Today, let’s thank our brave service members, but also remember that we can take action today to directly benefit their lives. We should be doing everything we can to support policies that help veterans and their families.

Extending the solar ITC is a proven way to do just that.

The Solar Energy Industries Association (SEIA) is the national trade association for the U.S. solar industry. Learn more about SEIA’s efforts to extend the solar Investment Tax Credit:   

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Frequently Asked Questions

Can FPL or my HOA prevent me from switching to solar?

The Florida Solar Rights Act is a law that forbids any entity—including homeowner associations—from prohibiting the installation of solar or other renewable energy devices on Florida buildings.

An association may require approval of a system installation and may establish restrictions for installations. However, any such restrictions must be reasonable, not arbitrary, and applied in a uniform manner for all association members. Also, any restrictions must not have the effect of impairing the performance, or increasing the cost, of a solar system.

In particular, a homeowner association may not prevent the installation of solar collectors on the roof of a home. The association may determine where on the roof the collectors may be installed, so long as the collectors face within 45 degrees of due south.

Finally, any requirement(s) that a system be screened from view by trees, fences, ground mounting racks, or a remote roof location that is hidden from the street, will generally violate the statute.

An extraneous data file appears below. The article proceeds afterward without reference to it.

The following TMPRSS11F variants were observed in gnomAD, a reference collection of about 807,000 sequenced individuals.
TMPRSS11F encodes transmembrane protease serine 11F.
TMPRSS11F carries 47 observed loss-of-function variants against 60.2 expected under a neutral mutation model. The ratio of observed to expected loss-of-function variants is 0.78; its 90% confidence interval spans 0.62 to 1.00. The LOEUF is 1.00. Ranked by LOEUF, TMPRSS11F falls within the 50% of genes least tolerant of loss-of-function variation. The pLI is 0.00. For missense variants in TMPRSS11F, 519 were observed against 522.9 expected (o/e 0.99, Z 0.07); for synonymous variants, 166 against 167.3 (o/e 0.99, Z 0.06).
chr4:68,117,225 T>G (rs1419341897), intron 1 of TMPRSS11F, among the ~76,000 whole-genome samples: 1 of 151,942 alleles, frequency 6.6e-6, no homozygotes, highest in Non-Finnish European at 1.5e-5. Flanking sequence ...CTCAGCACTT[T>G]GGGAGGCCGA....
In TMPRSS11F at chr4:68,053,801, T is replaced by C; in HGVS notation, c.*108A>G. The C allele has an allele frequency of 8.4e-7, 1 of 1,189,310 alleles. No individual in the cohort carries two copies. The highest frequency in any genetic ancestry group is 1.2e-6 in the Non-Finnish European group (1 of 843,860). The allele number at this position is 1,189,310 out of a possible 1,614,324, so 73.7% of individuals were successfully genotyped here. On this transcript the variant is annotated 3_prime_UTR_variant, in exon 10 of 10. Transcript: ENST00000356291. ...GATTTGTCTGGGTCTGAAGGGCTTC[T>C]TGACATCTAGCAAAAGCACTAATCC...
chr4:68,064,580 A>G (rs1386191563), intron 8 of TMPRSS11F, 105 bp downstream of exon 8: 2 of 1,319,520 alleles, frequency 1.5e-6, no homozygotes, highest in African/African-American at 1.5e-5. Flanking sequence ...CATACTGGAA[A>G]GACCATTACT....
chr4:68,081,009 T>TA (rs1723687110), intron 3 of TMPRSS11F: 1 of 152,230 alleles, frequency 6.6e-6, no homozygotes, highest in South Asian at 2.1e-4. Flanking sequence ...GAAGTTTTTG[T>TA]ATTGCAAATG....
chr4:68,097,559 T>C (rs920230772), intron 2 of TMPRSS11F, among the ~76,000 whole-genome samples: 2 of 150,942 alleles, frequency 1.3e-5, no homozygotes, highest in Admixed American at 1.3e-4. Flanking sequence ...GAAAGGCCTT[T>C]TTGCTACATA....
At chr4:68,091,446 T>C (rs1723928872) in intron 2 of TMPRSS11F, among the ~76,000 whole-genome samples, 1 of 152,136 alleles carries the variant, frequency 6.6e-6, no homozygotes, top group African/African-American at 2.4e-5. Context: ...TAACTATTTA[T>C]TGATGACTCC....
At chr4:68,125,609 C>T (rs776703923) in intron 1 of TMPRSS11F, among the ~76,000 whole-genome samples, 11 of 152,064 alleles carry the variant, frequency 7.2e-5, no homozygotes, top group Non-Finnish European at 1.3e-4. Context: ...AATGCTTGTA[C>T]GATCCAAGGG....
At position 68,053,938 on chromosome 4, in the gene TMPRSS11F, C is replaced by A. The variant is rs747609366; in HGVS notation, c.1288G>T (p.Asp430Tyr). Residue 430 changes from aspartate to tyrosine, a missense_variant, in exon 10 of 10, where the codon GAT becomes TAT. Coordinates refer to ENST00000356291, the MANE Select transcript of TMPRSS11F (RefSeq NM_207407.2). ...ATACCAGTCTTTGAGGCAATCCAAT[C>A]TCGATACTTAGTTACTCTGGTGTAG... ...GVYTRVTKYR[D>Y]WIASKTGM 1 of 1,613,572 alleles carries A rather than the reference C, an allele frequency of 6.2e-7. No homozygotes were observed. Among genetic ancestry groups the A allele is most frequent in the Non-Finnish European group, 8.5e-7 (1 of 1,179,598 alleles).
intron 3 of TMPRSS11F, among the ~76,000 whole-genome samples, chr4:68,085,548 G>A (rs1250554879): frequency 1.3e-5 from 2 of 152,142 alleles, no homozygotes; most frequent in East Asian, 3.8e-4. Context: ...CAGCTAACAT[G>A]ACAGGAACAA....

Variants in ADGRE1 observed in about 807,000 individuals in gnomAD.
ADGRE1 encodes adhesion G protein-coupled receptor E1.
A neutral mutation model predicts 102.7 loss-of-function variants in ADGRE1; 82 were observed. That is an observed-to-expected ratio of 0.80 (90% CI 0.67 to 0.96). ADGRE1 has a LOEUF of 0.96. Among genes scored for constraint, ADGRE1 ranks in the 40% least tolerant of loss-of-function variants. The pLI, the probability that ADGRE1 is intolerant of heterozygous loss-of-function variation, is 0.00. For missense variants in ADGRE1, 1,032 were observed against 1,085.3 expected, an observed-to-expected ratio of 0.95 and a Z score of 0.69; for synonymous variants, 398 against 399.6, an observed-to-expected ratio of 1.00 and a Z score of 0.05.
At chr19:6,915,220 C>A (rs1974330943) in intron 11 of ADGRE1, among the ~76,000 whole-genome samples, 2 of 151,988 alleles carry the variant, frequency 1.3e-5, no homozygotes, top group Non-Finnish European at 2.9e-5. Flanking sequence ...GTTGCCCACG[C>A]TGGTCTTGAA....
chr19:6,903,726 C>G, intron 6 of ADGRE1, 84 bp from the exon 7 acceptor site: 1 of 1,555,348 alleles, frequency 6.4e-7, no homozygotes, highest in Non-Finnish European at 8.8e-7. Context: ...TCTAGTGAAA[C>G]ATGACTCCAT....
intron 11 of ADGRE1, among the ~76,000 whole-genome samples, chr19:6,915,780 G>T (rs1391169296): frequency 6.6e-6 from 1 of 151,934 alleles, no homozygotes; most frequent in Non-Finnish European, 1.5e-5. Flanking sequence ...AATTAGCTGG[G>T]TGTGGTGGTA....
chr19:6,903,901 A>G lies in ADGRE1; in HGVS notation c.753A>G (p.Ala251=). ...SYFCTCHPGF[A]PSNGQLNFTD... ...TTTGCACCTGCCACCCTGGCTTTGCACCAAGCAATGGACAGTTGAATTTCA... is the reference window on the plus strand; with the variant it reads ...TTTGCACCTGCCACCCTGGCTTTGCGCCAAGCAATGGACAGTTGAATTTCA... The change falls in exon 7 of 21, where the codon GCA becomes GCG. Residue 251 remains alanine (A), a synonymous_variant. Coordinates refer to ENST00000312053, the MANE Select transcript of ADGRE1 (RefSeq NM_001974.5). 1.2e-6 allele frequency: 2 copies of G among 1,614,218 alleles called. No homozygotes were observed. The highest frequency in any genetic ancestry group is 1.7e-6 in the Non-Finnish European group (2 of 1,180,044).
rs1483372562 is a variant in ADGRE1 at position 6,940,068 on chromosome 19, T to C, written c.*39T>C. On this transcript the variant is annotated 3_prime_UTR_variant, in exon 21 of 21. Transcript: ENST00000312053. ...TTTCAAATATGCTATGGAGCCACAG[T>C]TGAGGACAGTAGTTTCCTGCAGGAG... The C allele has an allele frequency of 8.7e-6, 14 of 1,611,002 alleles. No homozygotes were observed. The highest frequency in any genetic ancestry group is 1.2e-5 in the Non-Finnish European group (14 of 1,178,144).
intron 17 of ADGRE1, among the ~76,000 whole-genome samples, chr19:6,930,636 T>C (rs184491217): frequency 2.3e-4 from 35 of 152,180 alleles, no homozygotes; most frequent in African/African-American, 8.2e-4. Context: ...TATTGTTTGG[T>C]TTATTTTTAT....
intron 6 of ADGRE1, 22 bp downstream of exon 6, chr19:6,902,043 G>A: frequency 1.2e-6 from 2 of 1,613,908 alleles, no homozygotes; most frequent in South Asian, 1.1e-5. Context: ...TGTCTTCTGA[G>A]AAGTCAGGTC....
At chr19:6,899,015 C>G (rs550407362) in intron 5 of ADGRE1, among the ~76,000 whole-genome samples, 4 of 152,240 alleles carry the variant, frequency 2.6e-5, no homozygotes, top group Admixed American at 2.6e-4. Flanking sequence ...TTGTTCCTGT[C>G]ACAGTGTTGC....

Click here to verify information is provided by the Florida Solar Energy Industry Association

Is solar free for Florida homeowners?
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  • There is a cost associated with solar energy because you are paying for your system. 
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  • Systems often cost the same amount monthly as your current FPL bill
  • Solar puts equity in your home because you own the system and increases the value a minimum of 4.1% - click here for the Zillow case study

Does solar increase my home value?

Not only can adding solar panels to a home save energy costs and help the environment, it also can potentially increase a home’s value. In 2019 Zillow found that homes with solar energy systems sold for 4.1% more on average than comparable homes without solar power. For the median-valued home, that translates to an additional $9,274.

The sale premium varies substantially by market. In Riverside, Calif., for example, homes with solar-energy systems sold for 2.7% more than comparable homes without solar power—a markup of $9,926 for the median-valued home in the metro. In the greater New York City metro, solar-powered homes have a premium that is double that of Riverside. At 5.4%, that’s an extra $23,989 in value for the typical home in New York. In three other coastal metro areas—Los Angeles, San Francisco and Orlando, Fla.—homes with solar power can fetch a premium of around 4%.